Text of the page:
Among the schools that answered the natural gas consumption question. In 1999.1 MCFs. Colleges and universities consumed an average of 107.000) consumed more gasoline and diesel fuel than smaller schools.000 and 99. faculty.999 gallons of gasoline or diesel fuel in 1999.000 gallons of fuel oil or more. Fuel Oil. but the median is just 10.000 and 9. With different needs for their campuses.007 gallons of fuel oil in 1999. nearly two in 10 (17%) used some fuel oil. Similar to gasoline and diesel fuel consumption. while less than a handful consumed purchased steam or hot water (4%). colleges and universities consumed 29. Steam/Hot/Chilled Water.000 gallons. 63 . and staff totals 619. On average. Coal. approximately six in 10 respondents did not answer the various questions. Consumption varies tremendously between two. while 11 percent used between 10.346 gallons.999 gallons.287 gallons of gasoline or diesel fuel in 1999. but less than 10. schools use varying amounts of fuel oil.999 gallons of fuel oil. One in 10 (9%) consumed coal in 1999. virtually all (93%) used gasoline or diesel fuel in 1999.000 gallons or more. Propane. Two in 10 (20%) used between one and 10 MCFs of natural gas per capita. We asked specifically about seven different kinds of energy sources and found a wide range of consumption patterns.000 gallons of gasoline or diesel fuel in 1999. The largest schools (enrollment 8. and an equal amount (20%) used between 3. Two in 10 (18%) schools used less than 3. while the median consumption level was 10. colleges and universities consume gasoline or diesel fuel at varying levels. Among those schools that did respond. with four in 10 (43%) reporting consumption of fuel oil and three in 10 (28%) reporting propane consumption. Another one in three (33%) consumed 10.4 MCFs. and Firewood Consumption of Other Sources of Energy Percentage of colleges that consumed each source of energy in 1999. electricity. purchased chilled water (1%). and staff member in 1999. and natural gas. Consumption patterns of other energy sources were less extreme. schools also consume a number of other sources of energy.000-29. and 26 percent consumed 30 or more MCFs of natural gas per capita. Slightly more than half (57%) of colleges did not use fuel oil in 1999. In 1999. three in 10 (29%) used less than one MCF per student. while 22 percent used 30. but there are many schools using fuel oil. Just 7 percent did not use gasoline or diesel fuel in 1999.000 million cubic feet of natural gas were used at BGSU Fuel. or firewood (2%). one in four (25%) consumed between 10 and 30.and four-year schools. Consumption of fuel oil is not as common on college and university campuses as gasoline use. 497. Another 16 percent consumed 100. As was the case for virtually all open-ended energy questions. TOTAL Gasoline or diesel fuel Fuel oil Propane Coal Purchased steam or hot water Firewood Purchased chilled water 93% 43 28 9 4 2 1 2-YEAR DEGREE 87 20 25 0 0 0 0 4-YEAR DEGREE 96 57 30 15 6 4 2 Aside from water.faculty.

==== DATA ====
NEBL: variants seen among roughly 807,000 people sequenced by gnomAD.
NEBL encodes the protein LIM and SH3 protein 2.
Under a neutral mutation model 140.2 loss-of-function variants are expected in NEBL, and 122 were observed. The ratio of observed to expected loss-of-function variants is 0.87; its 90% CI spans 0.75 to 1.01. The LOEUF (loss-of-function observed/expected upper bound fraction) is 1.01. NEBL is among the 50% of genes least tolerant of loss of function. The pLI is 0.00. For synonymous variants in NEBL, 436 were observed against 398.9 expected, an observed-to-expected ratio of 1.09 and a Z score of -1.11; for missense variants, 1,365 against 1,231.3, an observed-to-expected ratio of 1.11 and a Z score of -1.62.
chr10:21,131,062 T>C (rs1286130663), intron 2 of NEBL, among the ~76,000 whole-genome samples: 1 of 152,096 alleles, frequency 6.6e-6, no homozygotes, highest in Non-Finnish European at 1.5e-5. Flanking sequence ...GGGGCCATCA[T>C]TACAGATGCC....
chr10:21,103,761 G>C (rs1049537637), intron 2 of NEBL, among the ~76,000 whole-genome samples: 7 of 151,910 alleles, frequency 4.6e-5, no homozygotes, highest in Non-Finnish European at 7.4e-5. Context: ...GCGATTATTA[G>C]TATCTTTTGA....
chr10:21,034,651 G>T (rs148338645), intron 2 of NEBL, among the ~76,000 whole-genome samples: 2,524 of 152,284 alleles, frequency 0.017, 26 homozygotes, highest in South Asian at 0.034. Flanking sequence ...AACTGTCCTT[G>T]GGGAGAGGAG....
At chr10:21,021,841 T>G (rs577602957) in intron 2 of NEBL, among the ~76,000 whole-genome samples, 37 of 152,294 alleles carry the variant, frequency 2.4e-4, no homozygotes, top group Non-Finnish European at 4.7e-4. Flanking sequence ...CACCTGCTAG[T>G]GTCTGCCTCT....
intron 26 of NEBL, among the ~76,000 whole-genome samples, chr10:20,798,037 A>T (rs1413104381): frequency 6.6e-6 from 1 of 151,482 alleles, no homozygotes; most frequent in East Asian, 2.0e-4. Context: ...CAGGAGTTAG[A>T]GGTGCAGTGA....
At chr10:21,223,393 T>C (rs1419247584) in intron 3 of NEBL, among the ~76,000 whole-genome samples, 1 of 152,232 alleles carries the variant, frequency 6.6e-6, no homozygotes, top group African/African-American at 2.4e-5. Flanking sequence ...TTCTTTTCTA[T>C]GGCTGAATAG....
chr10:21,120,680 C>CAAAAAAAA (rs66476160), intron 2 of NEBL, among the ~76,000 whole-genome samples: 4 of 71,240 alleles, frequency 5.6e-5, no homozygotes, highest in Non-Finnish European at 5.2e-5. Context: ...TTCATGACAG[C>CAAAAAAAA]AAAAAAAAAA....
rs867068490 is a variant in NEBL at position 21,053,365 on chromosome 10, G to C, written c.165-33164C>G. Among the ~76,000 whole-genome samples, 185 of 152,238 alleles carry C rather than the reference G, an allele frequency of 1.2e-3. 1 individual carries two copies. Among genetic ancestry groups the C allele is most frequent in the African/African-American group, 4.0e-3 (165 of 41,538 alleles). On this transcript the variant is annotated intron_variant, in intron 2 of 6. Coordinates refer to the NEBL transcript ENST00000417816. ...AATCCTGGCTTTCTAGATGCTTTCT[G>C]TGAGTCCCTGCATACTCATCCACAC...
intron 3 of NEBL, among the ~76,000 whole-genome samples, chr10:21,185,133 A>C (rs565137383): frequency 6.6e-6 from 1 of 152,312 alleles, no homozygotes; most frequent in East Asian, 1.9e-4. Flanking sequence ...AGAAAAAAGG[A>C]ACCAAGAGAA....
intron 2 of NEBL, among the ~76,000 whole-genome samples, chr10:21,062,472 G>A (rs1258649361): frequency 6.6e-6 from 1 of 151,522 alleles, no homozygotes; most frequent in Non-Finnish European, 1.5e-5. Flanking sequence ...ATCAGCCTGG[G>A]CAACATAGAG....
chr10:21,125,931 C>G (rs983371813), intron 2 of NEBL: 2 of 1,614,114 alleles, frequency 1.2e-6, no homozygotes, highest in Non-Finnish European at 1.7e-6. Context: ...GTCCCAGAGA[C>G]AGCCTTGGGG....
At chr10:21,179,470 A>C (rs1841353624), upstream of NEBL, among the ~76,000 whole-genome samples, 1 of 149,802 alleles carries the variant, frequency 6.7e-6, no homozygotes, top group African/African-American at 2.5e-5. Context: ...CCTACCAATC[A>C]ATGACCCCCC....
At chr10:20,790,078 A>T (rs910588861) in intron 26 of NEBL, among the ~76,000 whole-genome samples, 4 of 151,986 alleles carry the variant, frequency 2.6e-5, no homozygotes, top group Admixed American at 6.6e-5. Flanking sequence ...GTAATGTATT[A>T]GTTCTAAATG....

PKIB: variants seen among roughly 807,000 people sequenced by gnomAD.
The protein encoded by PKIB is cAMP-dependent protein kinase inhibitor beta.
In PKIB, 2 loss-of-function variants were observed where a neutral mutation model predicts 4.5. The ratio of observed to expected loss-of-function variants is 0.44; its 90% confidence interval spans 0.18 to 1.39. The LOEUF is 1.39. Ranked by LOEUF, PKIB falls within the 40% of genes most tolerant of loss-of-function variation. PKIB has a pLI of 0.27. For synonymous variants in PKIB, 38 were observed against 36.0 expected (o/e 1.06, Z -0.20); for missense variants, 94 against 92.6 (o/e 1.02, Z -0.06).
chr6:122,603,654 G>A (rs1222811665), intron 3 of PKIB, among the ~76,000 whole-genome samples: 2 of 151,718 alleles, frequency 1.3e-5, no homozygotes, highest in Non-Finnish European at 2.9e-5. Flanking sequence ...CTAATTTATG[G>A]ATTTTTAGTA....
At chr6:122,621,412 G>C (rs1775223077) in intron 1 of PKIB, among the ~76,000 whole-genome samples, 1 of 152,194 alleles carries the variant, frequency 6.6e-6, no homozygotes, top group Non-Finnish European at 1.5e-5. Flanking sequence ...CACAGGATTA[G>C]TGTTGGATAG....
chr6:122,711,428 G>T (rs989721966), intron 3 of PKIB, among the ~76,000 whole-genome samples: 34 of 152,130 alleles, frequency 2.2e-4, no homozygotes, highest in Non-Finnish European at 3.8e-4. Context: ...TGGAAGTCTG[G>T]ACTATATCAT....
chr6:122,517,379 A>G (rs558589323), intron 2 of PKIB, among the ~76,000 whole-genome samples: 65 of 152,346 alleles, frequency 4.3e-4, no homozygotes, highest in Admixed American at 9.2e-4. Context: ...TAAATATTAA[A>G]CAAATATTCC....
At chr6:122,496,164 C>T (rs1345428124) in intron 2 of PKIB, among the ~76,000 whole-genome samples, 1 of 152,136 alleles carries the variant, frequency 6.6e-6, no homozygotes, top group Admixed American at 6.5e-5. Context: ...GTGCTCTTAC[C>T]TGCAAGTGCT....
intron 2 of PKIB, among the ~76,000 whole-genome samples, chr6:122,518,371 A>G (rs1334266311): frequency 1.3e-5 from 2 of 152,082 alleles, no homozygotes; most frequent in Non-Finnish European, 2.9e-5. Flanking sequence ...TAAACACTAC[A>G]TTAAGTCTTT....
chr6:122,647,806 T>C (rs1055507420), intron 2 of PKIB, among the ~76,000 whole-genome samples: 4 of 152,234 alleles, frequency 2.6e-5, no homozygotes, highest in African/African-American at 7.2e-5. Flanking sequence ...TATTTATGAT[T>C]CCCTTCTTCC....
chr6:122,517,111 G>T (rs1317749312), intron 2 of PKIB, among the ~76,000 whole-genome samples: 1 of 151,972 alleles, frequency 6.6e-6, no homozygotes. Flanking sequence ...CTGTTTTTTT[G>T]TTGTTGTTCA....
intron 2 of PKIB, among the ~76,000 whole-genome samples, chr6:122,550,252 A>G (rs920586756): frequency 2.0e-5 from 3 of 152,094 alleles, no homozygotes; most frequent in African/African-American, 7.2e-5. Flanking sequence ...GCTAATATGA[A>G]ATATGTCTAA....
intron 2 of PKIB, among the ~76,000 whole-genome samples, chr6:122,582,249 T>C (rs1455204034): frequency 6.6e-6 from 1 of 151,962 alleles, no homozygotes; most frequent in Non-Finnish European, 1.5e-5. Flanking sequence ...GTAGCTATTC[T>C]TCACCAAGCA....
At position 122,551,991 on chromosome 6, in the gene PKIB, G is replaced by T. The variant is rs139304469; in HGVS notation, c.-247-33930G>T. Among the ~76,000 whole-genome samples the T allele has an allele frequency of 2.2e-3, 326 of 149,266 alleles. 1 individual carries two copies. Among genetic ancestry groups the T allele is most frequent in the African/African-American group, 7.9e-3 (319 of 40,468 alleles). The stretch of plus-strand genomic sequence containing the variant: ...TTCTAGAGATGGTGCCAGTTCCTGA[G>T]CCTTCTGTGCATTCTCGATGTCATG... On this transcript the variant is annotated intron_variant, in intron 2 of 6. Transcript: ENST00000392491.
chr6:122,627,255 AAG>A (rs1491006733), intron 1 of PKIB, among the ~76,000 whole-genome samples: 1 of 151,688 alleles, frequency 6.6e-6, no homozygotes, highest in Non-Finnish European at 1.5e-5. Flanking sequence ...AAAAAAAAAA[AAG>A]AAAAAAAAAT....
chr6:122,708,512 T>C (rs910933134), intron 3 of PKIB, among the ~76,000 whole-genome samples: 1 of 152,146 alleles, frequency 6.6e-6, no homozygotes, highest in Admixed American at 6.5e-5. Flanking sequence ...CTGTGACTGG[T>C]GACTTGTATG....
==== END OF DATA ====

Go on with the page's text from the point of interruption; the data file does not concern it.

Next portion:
None of the twoyear schools claimed to use coal. 64 . purchased steam or hot water (6%).2 million KWHs of electricity in 1999. and purchased chilled water (2%). Seven in 10 (72%) schools did not consume any propane in 1999. If we limit the analysis to only those that used propane. so it is difficult to get a good read on what campuses are doing with regard to producing cogenerated steam or hot water. Four-year schools had a greater diversity of fuel types used. the mean electricity generated equals 55. but that there was a group that used a great deal of this resource. Another 16 percent consumed between one and two gallons of gasoline per capita.000 gallons or more.8 million KWHs with a median of 3. while the mean per capita consumption only for those schools that used propane totaled 1. and propane also vary greatly among colleges and universities. Sixteen percent of colleges and universities consumed some propane in 1999. but still a considerable minority of schools utilizes this energy source. Six in 10 (57%) schools did not use fuel oil in 1999. And if we consider only those schools that produced cogenerated steam or hot water in 1999. Mean per capita consumption was .5 gallons. they produced a mean of 284. per capita fuel oil consumption is actually higher. Among those that answered the question. this average jumps to 4. The median per capita consumption for schools that used fuel oil was just 4. Smaller percentages reported used propane (30%).3 billion BTUs. fuel oil. faculty. one in 10 (9%) say they generated at least some electricity in 1999.5 billion BTUs and a median of 3. with a median of 677. In fact. About two in 10 said they use propane or fuel oil. A third (33%) consumed five or more gallons of gasoline per capita. but the average per capita consumption was 19.6 gallons. When comparing consumption patterns at two.5 gallons. but used predominantly gasoline or diesel fuel and fuel oil. Electricity (Co)Generated A small group of colleges and universities generate at least some of the electricity that their campuses consume. with 14 percent having used .Schools are even less likely to have used propane. if we narrow our analysis to only those schools that generated electricity in 1999.7 gallons in 1999. Per capita consumption of propane was far lower. Schools were even less likely to produce cogenerated steam or hot water from their campus electrical generators. Eight in 10 (81%) did not respond to this question. suggesting that most schools did not consume very much fuel oil. coal or other alternative fuels were not used.978 gallons. purchased steam or hot water. coal (15%). while 91 percent did not generate electricity. while 13 percent used 1.8 gallons. Just 11 percent of colleges and universities that answered this question produced cogenerated steam or hot water. firewood (4%).0 billion BTUs of cogenerated steam.1 gallons. On average. On average. Half of all schools (52%) did not respond to this question. Although fewer schools used fuel oil than gasoline.582 gallons of gasoline in 1999.1 million. schools used 1. The mean per capita consumption equaled 6.412 gallons of propane. we find that the mean per capita consumption totaled 46.20 gallons of propane per capita in 1999.000 gallons. Per capita consumption of gasoline. two-year schools reported using predominantly gasoline or diesel fuel. while one in four (23%) consumed between two and five gallons. In fact. we find that schools generated an average of 5. If we examine all colleges and universities. and staff member in 1999. and 11 percent having consumed more than . Fuel oil.39. while the median totaled 2. firewood. One in four (27%) consumed less than one gallon of gasoline per student. or purchased chilled water. including those that did not generate electricity in 1999. BGSU’s transportation fleet consumed 59. if we just examine the averages for schools that consumed fuel oil. colleges and universities produced 32.and four-year schools. but less than 1.20 gallons of propane.